Do you feel nauseous or uneasy in response to certain situations? Have you ever experienced “butterflies” in your stomach or ever had an experience that you’ve described as “gut-wrenching”?
We use these expressions for a reason! Feelings of irritability, sadness, joy, anxiety and fear can trigger gut symptoms as emotions and the gastrointestinal tract are intimately connected. A person’s stomach or intestinal distress can be the cause or the product of anxiety, stress, or depression.
Without question, Mental illness is one of the biggest challenges of the 21st century. Over 75% of mental health problems occur before the age of 25 and almost half of all Australians are estimated to experience a psychiatric disorder of some kind during their lifetime.
Factors that can contribute towards your gut, body and brain health are determined around conception and include your parents’ genetics and lifestyle, the environment you’re born into and your ongoing exposure to infections or illness. Our lifestyle has a significant influence on the types of bugs (microbes) that live and thrive in our guts called the microbiome.
Our gut and our brain are connected through several different pathways known as the gut brain axis, with 90% of our serotonin (our “feel good/ happy” hormone) being located in our guts.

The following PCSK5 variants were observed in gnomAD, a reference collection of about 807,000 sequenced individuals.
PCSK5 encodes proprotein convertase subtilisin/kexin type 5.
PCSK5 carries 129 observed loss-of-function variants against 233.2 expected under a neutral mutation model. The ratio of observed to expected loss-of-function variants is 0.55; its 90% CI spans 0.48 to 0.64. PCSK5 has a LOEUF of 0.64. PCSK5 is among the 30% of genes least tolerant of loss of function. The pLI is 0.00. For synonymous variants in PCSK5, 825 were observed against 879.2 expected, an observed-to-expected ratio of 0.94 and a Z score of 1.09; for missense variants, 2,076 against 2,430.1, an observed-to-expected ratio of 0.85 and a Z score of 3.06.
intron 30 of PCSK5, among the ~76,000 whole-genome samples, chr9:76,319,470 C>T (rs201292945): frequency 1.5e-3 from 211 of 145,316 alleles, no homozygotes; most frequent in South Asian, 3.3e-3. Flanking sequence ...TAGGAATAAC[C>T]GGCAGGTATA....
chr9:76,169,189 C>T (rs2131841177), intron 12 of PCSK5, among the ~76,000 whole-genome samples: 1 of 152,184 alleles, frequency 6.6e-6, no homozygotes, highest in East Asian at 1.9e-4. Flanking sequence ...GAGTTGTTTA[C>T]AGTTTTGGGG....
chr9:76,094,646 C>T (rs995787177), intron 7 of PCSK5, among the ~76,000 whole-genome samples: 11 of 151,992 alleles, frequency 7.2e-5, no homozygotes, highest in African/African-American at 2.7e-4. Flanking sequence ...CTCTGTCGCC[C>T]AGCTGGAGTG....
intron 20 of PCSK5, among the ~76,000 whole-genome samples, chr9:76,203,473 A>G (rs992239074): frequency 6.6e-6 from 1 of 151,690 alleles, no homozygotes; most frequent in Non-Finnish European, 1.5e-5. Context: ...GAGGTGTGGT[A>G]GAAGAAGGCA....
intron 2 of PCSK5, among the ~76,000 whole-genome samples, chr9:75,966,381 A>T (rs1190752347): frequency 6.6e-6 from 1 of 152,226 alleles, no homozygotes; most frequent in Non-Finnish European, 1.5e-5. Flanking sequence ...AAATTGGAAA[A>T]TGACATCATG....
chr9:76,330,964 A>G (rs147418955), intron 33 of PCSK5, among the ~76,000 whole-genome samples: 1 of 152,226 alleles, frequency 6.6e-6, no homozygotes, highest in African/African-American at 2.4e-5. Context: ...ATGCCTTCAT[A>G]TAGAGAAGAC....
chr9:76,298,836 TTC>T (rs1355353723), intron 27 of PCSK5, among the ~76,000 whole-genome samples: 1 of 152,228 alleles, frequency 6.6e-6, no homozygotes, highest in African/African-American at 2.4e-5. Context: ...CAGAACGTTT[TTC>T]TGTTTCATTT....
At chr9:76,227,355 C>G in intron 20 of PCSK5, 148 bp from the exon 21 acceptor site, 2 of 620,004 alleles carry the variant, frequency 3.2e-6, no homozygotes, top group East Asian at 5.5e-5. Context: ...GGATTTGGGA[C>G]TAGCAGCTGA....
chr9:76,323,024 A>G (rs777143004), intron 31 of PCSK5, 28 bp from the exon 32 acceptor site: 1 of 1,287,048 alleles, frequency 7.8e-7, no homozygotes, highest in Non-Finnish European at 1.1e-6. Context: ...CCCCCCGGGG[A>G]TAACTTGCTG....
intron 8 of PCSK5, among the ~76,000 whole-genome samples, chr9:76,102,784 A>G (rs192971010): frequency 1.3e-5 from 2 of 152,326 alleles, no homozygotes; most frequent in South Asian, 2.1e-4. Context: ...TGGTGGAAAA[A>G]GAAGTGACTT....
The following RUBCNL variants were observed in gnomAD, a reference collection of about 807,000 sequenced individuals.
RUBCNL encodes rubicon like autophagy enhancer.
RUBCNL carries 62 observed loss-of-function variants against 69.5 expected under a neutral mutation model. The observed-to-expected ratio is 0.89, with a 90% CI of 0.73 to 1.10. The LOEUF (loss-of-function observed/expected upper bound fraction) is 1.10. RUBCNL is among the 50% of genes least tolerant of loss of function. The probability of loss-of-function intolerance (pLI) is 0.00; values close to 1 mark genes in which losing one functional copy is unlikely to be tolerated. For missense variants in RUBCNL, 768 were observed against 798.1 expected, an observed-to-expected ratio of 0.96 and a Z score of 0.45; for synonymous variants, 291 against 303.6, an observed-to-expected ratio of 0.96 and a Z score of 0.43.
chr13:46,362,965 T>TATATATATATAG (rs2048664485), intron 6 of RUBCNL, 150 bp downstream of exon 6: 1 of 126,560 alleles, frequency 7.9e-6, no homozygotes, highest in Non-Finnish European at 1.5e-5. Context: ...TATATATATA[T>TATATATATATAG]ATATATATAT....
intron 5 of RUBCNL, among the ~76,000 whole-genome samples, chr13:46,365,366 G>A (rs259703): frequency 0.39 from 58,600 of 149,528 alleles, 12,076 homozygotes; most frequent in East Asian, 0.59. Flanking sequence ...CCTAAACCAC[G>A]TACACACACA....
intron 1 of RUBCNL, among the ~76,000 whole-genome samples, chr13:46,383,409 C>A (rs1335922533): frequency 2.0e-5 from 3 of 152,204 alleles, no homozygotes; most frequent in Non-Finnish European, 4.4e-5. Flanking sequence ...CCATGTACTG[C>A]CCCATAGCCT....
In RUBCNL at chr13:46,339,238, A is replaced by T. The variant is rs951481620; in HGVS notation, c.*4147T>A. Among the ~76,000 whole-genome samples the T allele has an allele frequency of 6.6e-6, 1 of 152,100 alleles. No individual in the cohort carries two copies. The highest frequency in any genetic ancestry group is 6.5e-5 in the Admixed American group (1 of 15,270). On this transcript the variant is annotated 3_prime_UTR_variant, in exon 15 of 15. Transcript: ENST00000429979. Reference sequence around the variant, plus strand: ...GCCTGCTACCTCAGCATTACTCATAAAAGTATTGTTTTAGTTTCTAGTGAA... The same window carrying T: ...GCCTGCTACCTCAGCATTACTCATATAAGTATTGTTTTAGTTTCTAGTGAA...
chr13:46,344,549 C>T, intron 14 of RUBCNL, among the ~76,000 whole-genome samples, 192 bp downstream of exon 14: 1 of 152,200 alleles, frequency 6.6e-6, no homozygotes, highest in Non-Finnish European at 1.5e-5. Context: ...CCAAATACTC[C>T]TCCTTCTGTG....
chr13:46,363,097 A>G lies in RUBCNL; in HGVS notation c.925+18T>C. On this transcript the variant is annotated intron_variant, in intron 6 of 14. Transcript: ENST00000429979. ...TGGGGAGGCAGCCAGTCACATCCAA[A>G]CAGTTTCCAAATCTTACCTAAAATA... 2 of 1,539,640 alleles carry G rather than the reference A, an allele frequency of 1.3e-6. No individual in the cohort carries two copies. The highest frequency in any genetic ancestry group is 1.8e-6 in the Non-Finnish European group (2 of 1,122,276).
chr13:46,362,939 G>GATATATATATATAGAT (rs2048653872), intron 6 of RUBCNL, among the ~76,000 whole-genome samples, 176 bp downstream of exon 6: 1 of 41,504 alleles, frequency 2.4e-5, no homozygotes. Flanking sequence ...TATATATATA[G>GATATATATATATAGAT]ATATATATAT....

The good bacteria influence our mood by releasing serotonin and gamma-aminobutyric acid (GABA) which is important for keeping us calm.
Studies show that the bacteria is different in someone experiencing low mood, vs someone who is not, and the bacteria can impact areas of the brain that are associated with mental health challenges such as anxiety and depression. Your gut microbiome undergoes multiple changes throughout your life, sometimes within as little as 24 hours.
How to support your Gut-Brain Health.
Drink plenty of water.
Limit/ avoid alcohol and caffeine.
Prioritise an anti-inflammatory diet for improving stress response. Inflammatory foods include processed foods, processed grains and high sugar foods.
Include foods which calm the nervous system such as dark chocolate, bananas, tea and fermented vegetables.
Ensure you are eating quality protein sources.
Enjoy vitamin C rich foods to reduce stress hormone production.
Boost dietary magnesium by eating Green leafy vegetables, Fruit, Nuts and seeds, Legumes, Vegetables, Seafood, Whole grains, Raw cacao, Dark Chocolate, Tofu, Baked beans. Magnesium is known as a nervous system nutrient!
Take B vitamins to support neurotransmitter production.
Get moving! Exercise has been shown to be preventative of some mental disorders and there are many positive effects of exercise for those with depression and anxiety.
If you are suffering with low mood, anxiety, depression or other mental health challenges, discuss how you are feeling with your Doctor alongside a qualified healthcare practitioner like a Naturopath.
Take advantage of a complimentary discovery call with Brooke Crabb, our experienced Naturopath and Nutritionist at Warriewood or email email@example.com to discuss how Naturopathy and Nutrition may support your mood.
Naturopath | Clinical Nutritionist | Herbalist | Northern Beaches Integrative Practitioners